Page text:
This year, the global eSports industry is projected to grow to more than $900 million in revenue, a year-over-year growth of 38 percent. This fast-growing media empire holds promise of fame and fortune, involving big sponsors, sold-out tournaments and fan followings in the millions around the world. The state of Georgia is central to the industry, currently playing home to over 75 gaming companies, such as Hi-Rez Studios of Smite and Paladins fame.
However, becoming a gamer is not the only way to tap into this growing market. Georgia State University is helping students make the necessary connections to careers in the eSports industry, which can include social media management, eSports reporting, event management, game tester, team coach, business strategy and more.
Out of the initial 350 students in the school’s eSports program, only 20 percent wanted to compete. The rest were interested in things like broadcasting on live-streaming platform Twitch or planning tournaments, says David Mark Cheshier, Director of GSU’s Creative Media Industries Institute (CMII).
The CMII building, a space that focuses on training students in arts and media entrepreneurship and connecting them to Atlanta’s fast-growing creative industries, has an eSports/gaming lab for 15 people to tournament play; it will soon be expanded to even bigger capacity.
Following the unveiling of the eSports program last fall, the university became the 34th member of the National Association of Collegiate eSports. They also provided 10 varsity eSports players with a scholarship of $1,000 to go towards tuition.
In March, the program hosted its first livestreamed Twitch competition.
“We’re trying to blend experiential learning with workshops and collaboration with the GPB project, along with live broadcasting events so students get real world experience beyond the classroom,” says Cheshier.
The program offers workshops on how to become a newscaster, working as a tournament planner and how to build a social media branding strategy as it relates to the eSports industry. This fall, the school will partner with Georgia Public Broadcasting to develop a broadcasting bootcamp for course credit.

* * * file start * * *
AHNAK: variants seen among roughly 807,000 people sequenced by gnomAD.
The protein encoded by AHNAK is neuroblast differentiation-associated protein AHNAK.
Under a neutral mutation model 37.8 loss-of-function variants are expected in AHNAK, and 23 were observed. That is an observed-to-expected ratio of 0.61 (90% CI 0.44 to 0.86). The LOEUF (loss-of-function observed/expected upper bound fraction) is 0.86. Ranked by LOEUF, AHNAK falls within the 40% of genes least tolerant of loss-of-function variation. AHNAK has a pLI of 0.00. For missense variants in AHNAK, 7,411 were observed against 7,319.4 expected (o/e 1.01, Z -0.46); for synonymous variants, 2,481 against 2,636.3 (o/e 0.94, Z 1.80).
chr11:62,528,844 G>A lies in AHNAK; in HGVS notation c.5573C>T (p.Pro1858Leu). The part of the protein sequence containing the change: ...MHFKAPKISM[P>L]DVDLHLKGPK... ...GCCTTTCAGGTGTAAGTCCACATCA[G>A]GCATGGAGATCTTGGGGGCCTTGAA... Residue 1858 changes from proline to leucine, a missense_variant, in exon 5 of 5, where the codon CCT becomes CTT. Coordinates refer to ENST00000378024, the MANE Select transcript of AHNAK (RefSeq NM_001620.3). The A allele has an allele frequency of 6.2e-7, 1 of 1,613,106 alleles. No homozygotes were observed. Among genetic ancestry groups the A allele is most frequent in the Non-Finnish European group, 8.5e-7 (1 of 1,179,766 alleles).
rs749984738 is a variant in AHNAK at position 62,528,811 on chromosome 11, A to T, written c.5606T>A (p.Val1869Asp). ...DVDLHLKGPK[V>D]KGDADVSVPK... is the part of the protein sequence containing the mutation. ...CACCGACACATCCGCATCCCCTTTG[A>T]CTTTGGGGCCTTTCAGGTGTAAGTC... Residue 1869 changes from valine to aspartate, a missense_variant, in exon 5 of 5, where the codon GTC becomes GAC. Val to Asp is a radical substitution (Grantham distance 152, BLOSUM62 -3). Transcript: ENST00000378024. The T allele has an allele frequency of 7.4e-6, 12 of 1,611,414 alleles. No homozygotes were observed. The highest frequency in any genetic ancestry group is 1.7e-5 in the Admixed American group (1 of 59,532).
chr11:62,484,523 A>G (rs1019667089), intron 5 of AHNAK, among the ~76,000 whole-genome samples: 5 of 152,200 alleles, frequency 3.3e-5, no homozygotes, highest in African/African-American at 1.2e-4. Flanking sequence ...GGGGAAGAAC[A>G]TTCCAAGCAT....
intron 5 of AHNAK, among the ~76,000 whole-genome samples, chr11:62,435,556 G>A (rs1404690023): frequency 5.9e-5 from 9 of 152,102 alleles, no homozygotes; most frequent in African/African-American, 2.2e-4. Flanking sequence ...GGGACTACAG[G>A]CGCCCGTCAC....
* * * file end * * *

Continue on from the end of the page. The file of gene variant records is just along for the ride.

“One of the peculiarities of the eSports industry is that the collegiate system is not a precursor to professional play; generally speaking if you are able to play at a professional level you can do so pretty much from the moment you turn 18, and because so much of eSports is broadcast or otherwise online, it’s much easier to be ‘discovered’ than it might be in a traditional sport,” says Lucas Bailey, Assistant Director of the GSU eSports Program.
Bailey is responsible for the day-to-day operation, practice and competition of GSU’s three varsity eSports teams at GSU. He says he’s seen the interest and development for alternative eSports careers grow for the students on those teams.
“The eSports program has significant overlap with already-existing programs,” says Bailey. “What is entirely new is our encouragement and development of casting for eSports. A few weeks ago, we held an eSports tournament for GSU students, staff and faculty, with four students providing excellent commentary for the games that were played.”
Cole Gibson was one of those students in the school’s first tournament. A senior Journalism major, Gibson is pursuing his love for video games through a career as a shoutcaster, a live video game commentator.
“I have always loved video games. My first interaction with eSports was 2012 MLG Columbus, where Optic was playing Team Envyus for the Call of Duty World Championship. Although the games I’ve watched has changed, the love for games remains the same and it carries over to GSU where I joined our student gaming club and really found my niche.”
Gibson says that while he was an avid gamer, he never thought he was good enough to play at the varsity level. However, he watched games closely enough that he found a knack for live commenting and narrating during competitions.
He currently holds a freelance job as a shoutcaster online and often travels to tournaments, most recently to cast Epic 1.0, Minnesota’s first major eSports tournament.
“For shoutcasting and commentating, it’s all about opportunity,” says Gibson.
“While a lot of shoutcasting and making a career of it is front-loaded on the casters themselves, GSU is trying to bridge that gap by providing opportunities, and in some cases training, so we can grow and expand our resumes to get those big gigs you see thousands watching on Twitch.”
All photos provided by Georgia State University.